Plaques that grace the ground beneath a tree hold a special significance. The tree itself can represent many things – the courage of a fallen soldier; a larger than life character; a special event, etc. –and adding a plaque can give it even more meaning.
Memorial plaques are aptly named because they were originally used to commemorate World War 1 servicemen who had died in battle. Originally made from iron, commemorative plaques can now be created using a wide variety of materials; though usually a metal alloy for engraving purposes.
Types of Memorial Plaques
Any type of plaque can be placed underneath a tree; however, the most popular design is the small rectangular aluminium plaque engraved with a concise epitaph. These understated plaques can be any colour or shape and keep the attention on the memorial tree rather than the plaque itself. Another popular option is a stone with a flattened edge rather than a wooden backing. These plaques are sturdier, longer lasting, and weather resistant; however, they’re slightly more expensive due to the added labour involved during production.
Rules and Regulations
Rules and regulations regarding installation of tree memorial plaques can be very confusing. Before placing any memorial in a public space the local council should be informed. Memorials underneath trees are usually accepted if the person in memoriam was of particular significance to the local community, such as a fallen soldier. If the deceased, event or landmark is not well-known in the area and you don’t have written permission, then the plaque could be removed and destroyed.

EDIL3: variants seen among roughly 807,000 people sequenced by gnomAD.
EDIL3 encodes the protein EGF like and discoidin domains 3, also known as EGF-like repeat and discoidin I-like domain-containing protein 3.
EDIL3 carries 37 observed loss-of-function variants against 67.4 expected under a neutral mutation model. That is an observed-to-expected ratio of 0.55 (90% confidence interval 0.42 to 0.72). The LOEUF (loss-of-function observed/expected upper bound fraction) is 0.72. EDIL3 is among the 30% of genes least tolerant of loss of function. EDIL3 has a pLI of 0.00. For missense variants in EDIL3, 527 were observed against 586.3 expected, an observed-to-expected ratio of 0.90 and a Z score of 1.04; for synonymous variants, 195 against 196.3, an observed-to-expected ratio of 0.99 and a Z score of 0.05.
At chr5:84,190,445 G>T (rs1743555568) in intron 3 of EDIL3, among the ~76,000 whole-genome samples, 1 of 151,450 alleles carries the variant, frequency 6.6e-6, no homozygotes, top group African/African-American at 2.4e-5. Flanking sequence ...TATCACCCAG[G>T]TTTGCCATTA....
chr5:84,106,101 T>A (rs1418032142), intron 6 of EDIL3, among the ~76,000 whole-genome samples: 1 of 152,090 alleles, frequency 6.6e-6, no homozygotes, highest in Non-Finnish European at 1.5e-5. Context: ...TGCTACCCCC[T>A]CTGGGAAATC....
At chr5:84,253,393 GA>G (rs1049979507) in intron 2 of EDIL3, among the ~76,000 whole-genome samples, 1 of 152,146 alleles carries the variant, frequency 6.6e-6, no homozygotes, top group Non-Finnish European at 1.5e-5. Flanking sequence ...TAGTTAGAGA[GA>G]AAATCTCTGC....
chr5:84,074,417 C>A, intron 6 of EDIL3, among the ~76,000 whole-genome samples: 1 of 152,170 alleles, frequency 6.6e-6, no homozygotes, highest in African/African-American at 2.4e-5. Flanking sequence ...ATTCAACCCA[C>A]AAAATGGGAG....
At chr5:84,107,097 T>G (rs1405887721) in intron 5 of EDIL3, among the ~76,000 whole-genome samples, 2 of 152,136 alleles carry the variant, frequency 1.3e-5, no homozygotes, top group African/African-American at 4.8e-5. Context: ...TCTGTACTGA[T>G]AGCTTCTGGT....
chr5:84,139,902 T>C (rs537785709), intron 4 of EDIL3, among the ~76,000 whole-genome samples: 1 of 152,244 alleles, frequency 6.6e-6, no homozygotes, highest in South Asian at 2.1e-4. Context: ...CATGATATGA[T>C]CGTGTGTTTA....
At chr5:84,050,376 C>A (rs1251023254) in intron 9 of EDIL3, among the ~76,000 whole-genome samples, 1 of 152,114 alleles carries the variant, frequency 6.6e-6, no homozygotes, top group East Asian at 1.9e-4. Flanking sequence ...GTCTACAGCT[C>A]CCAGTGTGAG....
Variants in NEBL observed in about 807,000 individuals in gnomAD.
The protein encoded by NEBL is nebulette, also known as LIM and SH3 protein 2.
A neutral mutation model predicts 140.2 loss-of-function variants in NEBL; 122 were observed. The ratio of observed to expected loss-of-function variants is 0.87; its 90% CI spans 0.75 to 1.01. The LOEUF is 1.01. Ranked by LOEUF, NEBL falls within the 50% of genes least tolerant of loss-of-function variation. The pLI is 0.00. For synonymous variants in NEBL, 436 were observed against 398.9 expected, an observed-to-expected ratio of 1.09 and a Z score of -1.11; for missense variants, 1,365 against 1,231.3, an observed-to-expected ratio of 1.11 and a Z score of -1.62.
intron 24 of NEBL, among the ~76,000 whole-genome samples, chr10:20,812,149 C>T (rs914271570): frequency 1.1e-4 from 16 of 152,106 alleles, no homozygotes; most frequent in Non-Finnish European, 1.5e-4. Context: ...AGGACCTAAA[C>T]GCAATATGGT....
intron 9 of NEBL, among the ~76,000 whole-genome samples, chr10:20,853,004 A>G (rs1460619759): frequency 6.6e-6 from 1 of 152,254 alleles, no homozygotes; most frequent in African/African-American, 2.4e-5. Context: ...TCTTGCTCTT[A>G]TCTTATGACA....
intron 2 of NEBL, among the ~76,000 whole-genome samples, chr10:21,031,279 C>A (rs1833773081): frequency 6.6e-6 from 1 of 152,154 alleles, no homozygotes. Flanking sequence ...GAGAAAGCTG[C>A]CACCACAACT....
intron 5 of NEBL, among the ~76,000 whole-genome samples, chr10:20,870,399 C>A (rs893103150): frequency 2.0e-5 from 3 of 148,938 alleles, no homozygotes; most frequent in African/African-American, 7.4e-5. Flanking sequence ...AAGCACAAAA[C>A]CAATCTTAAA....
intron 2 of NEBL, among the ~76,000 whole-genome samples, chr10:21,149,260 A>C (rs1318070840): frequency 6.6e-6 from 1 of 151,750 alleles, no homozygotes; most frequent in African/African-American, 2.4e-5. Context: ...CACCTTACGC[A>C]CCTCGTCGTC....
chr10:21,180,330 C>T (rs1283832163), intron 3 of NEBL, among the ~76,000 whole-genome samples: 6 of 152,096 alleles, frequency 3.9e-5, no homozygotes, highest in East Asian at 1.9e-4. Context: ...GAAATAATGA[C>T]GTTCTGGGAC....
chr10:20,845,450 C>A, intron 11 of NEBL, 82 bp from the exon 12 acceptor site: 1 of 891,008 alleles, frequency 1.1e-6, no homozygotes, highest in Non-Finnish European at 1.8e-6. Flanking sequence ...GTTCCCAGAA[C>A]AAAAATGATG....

Planting a tree is another matter. Many authorities will insist that the tree stays in line with the aesthetic of the area. It may be easier to plant a tree in your own garden as opposed to on public land as obtaining planning permission can take months, or even years. Information regarding planning permission can be found on most local council websites.
Finding a Suitable Design
When choosing a tree memorial plaque, it’s not just the regulations and area that needs to be taken into account. Does the plaque require maintenance? Are you planting the tree, and if so, will you need to maintain it yourself? Are there any alternatives which might be cheaper and more relevant? Make sure you understand the legalities and long-term commitment before you even think about buying.
Stone memorials are by far the most robust; and some would also argue that they’re the most beautiful. Stone is difficult to mass produce, and thus, provides a unique memorial that can’t be replicated. However, they can be expensive to engrave and mould and mildew will likely build up on the surface. If you choose a stone plaque that’s embossed and painted it will likely require an annual repainting to keep the wording bold and readable.
Installing a Memorial Plaque
Never screw a plaque directly into a tree. The holes are effectively open wounds that could become infected, which could kill the tree and destroy the monument. If you are granted permission to install a memorial plaque you’ll probably have to hire a professional to conduct the process.
Image Caption: Memorial plaques are usually placed directly under trees.